CRE sends demand letter on behalf of Christian pastor who was barred from handing out information at public park during Pakistan Festival

Manassas, Va. — The Center for Religious Expression sent letter [hyperlink] today to officials with Northern Virginia Regional Park Authority and Fairfax County seeking relief from a speech ban imposed on Tony Ghareeb, Pastor with Jerusalem Baptist Church in Fairfax Station, Virginia, who was prevented from handing out water bottles and DVDs in Bull Run Park in Manassas on August 26, 2012, during the Pakistan Festival.

Though Bull Run Park is a publically-owned park, and the 2012 Pakistan Festival was free and open to the public, Pastor Ghareeb – an Arab-American who ministers to fellow Arabs – was forced to leave the area under the threat of arrest because Fairfax County police officers and park officials consider the property “private” during the festival. CRE wrote the letter to assure recognition of Pastor Ghareeb’s free speech rights during the next Pakistan Festival in August of 2013.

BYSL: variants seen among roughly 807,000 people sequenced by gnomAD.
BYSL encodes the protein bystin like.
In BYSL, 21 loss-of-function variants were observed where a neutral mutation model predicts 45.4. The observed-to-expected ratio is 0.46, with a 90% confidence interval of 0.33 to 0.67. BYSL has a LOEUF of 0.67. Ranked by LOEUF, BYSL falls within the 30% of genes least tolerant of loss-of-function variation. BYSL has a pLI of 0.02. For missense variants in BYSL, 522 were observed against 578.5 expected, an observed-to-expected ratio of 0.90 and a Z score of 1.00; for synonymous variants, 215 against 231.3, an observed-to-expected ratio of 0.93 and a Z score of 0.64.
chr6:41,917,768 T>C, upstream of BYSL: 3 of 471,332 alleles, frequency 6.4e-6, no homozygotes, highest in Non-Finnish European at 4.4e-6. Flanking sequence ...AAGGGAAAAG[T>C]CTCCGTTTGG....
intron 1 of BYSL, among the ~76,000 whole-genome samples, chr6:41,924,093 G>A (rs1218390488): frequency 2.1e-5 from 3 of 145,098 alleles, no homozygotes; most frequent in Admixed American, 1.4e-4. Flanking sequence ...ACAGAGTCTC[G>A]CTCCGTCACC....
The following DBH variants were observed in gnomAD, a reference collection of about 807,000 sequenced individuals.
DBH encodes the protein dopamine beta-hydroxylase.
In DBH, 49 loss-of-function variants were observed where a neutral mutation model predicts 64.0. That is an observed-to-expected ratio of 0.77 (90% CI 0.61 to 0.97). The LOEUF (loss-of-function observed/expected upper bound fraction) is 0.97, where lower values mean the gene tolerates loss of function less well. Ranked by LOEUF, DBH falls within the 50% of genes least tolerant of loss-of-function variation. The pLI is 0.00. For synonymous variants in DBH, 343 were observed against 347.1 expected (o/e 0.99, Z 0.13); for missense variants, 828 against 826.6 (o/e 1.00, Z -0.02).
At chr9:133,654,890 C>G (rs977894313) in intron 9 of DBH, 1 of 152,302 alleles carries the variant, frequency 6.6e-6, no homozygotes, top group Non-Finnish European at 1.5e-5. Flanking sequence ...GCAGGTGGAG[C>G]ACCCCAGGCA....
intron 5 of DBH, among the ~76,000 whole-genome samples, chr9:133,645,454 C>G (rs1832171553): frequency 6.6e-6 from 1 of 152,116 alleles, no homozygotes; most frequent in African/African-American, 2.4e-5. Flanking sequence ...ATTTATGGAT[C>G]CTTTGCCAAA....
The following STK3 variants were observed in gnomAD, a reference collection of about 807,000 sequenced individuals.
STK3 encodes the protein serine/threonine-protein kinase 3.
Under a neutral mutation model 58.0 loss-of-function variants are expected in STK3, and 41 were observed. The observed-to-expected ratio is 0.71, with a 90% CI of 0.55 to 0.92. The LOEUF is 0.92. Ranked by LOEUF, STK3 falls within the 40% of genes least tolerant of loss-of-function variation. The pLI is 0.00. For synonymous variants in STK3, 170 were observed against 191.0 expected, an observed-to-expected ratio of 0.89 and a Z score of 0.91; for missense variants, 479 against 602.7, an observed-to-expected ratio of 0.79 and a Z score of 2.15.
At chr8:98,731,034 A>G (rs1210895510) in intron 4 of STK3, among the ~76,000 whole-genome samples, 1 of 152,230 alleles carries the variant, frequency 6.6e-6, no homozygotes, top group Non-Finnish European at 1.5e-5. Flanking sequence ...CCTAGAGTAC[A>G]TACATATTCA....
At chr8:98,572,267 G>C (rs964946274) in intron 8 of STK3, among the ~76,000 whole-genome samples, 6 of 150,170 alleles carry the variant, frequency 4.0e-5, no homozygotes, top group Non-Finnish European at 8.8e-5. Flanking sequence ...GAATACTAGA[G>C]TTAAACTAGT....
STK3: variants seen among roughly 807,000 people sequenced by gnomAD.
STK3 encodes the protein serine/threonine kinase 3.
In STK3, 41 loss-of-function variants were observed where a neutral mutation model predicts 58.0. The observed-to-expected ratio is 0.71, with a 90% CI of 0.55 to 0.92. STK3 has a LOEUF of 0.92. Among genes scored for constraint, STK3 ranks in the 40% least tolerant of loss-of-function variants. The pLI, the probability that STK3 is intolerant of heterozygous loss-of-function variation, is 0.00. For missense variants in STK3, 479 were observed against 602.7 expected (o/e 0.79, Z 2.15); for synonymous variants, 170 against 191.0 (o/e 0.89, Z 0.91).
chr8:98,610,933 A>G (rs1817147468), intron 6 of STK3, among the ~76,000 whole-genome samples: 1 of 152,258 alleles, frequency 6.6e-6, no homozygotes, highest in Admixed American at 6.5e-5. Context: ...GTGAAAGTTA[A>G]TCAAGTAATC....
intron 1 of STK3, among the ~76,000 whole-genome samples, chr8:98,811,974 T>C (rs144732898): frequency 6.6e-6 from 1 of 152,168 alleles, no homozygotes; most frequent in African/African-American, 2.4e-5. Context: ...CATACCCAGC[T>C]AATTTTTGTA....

“All citizens enjoy the fundamental right to share their views in public places. These same rights extend to Pastor Ghareeb and his Christian speech,” said CRE Chief Counsel Nate Kellum.

Kellum emphasized the benign nature of Pastor Ghareeb’s intended speech. “Pastor Ghareeb only sought to engage in friendly discussion, while handing out free water and DVDs on a hot day. His opinion cannot be banished just because someone happens to disagree with it.”

Kellum also disputed the suggestion that the park was private. “As long as the area remains free and open to the general public, the park is public, not private.”

CRE’s letter demands a written response within three weeks.